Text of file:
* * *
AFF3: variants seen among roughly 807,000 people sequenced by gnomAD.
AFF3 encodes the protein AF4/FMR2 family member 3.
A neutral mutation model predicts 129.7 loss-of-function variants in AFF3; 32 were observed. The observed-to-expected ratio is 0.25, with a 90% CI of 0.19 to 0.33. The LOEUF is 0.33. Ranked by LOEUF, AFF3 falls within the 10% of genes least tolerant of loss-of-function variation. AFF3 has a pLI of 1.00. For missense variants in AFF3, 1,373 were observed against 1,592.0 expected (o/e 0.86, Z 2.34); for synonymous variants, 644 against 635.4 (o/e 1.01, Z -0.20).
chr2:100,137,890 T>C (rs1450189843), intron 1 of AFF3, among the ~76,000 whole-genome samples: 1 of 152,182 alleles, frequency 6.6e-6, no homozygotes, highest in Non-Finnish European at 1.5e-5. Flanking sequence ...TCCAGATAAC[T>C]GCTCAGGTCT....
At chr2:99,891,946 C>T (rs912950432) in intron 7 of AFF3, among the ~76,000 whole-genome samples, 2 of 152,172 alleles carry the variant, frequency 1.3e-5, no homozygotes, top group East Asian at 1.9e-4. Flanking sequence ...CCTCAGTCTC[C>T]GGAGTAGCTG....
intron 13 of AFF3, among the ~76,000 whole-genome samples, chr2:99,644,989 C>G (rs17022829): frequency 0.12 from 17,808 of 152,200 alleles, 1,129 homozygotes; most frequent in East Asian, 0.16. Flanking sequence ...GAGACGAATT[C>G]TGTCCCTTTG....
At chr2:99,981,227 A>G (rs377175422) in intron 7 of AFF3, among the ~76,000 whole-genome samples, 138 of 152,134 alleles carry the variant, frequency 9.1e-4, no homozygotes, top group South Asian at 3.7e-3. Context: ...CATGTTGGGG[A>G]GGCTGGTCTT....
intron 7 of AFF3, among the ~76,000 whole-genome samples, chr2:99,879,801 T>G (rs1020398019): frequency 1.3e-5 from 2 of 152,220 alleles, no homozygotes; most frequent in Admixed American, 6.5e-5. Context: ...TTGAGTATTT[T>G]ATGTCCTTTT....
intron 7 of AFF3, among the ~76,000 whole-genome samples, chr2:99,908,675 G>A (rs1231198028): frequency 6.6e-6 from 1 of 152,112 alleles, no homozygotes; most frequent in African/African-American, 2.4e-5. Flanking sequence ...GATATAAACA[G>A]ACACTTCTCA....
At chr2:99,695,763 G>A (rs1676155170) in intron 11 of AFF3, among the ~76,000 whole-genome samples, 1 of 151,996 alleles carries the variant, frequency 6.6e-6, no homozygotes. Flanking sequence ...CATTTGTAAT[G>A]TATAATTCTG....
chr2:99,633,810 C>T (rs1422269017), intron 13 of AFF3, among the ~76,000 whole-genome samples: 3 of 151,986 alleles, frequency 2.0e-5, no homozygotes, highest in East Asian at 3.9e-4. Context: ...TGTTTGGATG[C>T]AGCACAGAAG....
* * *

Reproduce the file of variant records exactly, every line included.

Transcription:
AFF3: variants seen among roughly 807,000 people sequenced by gnomAD.
AFF3 encodes the protein AF4/FMR2 family member 3.
A neutral mutation model predicts 129.7 loss-of-function variants in AFF3; 32 were observed. The observed-to-expected ratio is 0.25, with a 90% CI of 0.19 to 0.33. The LOEUF is 0.33. Ranked by LOEUF, AFF3 falls within the 10% of genes least tolerant of loss-of-function variation. AFF3 has a pLI of 1.00. For missense variants in AFF3, 1,373 were observed against 1,592.0 expected (o/e 0.86, Z 2.34); for synonymous variants, 644 against 635.4 (o/e 1.01, Z -0.20).
chr2:100,137,890 T>C (rs1450189843), intron 1 of AFF3, among the ~76,000 whole-genome samples: 1 of 152,182 alleles, frequency 6.6e-6, no homozygotes, highest in Non-Finnish European at 1.5e-5. Flanking sequence ...TCCAGATAAC[T>C]GCTCAGGTCT....
At chr2:99,891,946 C>T (rs912950432) in intron 7 of AFF3, among the ~76,000 whole-genome samples, 2 of 152,172 alleles carry the variant, frequency 1.3e-5, no homozygotes, top group East Asian at 1.9e-4. Flanking sequence ...CCTCAGTCTC[C>T]GGAGTAGCTG....
intron 13 of AFF3, among the ~76,000 whole-genome samples, chr2:99,644,989 C>G (rs17022829): frequency 0.12 from 17,808 of 152,200 alleles, 1,129 homozygotes; most frequent in East Asian, 0.16. Flanking sequence ...GAGACGAATT[C>G]TGTCCCTTTG....
At chr2:99,981,227 A>G (rs377175422) in intron 7 of AFF3, among the ~76,000 whole-genome samples, 138 of 152,134 alleles carry the variant, frequency 9.1e-4, no homozygotes, top group South Asian at 3.7e-3. Context: ...CATGTTGGGG[A>G]GGCTGGTCTT....
intron 7 of AFF3, among the ~76,000 whole-genome samples, chr2:99,879,801 T>G (rs1020398019): frequency 1.3e-5 from 2 of 152,220 alleles, no homozygotes; most frequent in Admixed American, 6.5e-5. Context: ...TTGAGTATTT[T>G]ATGTCCTTTT....
intron 7 of AFF3, among the ~76,000 whole-genome samples, chr2:99,908,675 G>A (rs1231198028): frequency 6.6e-6 from 1 of 152,112 alleles, no homozygotes; most frequent in African/African-American, 2.4e-5. Flanking sequence ...GATATAAACA[G>A]ACACTTCTCA....
At chr2:99,695,763 G>A (rs1676155170) in intron 11 of AFF3, among the ~76,000 whole-genome samples, 1 of 151,996 alleles carries the variant, frequency 6.6e-6, no homozygotes. Flanking sequence ...CATTTGTAAT[G>A]TATAATTCTG....
chr2:99,633,810 C>T (rs1422269017), intron 13 of AFF3, among the ~76,000 whole-genome samples: 3 of 151,986 alleles, frequency 2.0e-5, no homozygotes, highest in East Asian at 3.9e-4. Context: ...TGTTTGGATG[C>T]AGCACAGAAG....